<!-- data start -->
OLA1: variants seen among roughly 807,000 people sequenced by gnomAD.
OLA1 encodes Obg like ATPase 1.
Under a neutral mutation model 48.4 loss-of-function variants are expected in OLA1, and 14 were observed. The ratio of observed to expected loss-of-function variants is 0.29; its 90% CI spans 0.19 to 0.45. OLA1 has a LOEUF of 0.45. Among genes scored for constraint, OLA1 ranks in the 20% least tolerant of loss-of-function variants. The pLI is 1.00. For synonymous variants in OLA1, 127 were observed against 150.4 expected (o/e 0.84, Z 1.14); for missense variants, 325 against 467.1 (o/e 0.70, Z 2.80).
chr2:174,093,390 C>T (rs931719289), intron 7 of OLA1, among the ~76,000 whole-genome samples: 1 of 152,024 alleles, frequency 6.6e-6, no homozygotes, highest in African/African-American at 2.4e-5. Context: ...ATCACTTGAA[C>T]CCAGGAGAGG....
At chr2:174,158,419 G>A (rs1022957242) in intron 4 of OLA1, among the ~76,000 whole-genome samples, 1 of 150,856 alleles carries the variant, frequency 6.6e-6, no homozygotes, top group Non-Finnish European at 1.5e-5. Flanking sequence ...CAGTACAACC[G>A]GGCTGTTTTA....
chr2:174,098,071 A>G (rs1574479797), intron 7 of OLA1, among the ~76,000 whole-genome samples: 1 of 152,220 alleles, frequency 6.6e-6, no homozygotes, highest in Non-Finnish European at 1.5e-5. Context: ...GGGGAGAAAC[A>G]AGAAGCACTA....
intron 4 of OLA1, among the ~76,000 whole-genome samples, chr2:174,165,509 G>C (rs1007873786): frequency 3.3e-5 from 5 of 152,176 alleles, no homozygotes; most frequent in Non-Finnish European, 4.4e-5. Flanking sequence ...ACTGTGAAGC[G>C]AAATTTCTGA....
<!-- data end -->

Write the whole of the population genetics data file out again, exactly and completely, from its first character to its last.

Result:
OLA1: variants seen among roughly 807,000 people sequenced by gnomAD.
OLA1 encodes Obg like ATPase 1.
Under a neutral mutation model 48.4 loss-of-function variants are expected in OLA1, and 14 were observed. The ratio of observed to expected loss-of-function variants is 0.29; its 90% CI spans 0.19 to 0.45. OLA1 has a LOEUF of 0.45. Among genes scored for constraint, OLA1 ranks in the 20% least tolerant of loss-of-function variants. The pLI is 1.00. For synonymous variants in OLA1, 127 were observed against 150.4 expected (o/e 0.84, Z 1.14); for missense variants, 325 against 467.1 (o/e 0.70, Z 2.80).
chr2:174,093,390 C>T (rs931719289), intron 7 of OLA1, among the ~76,000 whole-genome samples: 1 of 152,024 alleles, frequency 6.6e-6, no homozygotes, highest in African/African-American at 2.4e-5. Context: ...ATCACTTGAA[C>T]CCAGGAGAGG....
At chr2:174,158,419 G>A (rs1022957242) in intron 4 of OLA1, among the ~76,000 whole-genome samples, 1 of 150,856 alleles carries the variant, frequency 6.6e-6, no homozygotes, top group Non-Finnish European at 1.5e-5. Flanking sequence ...CAGTACAACC[G>A]GGCTGTTTTA....
chr2:174,098,071 A>G (rs1574479797), intron 7 of OLA1, among the ~76,000 whole-genome samples: 1 of 152,220 alleles, frequency 6.6e-6, no homozygotes, highest in Non-Finnish European at 1.5e-5. Context: ...GGGGAGAAAC[A>G]AGAAGCACTA....
intron 4 of OLA1, among the ~76,000 whole-genome samples, chr2:174,165,509 G>C (rs1007873786): frequency 3.3e-5 from 5 of 152,176 alleles, no homozygotes; most frequent in Non-Finnish European, 4.4e-5. Flanking sequence ...ACTGTGAAGC[G>C]AAATTTCTGA....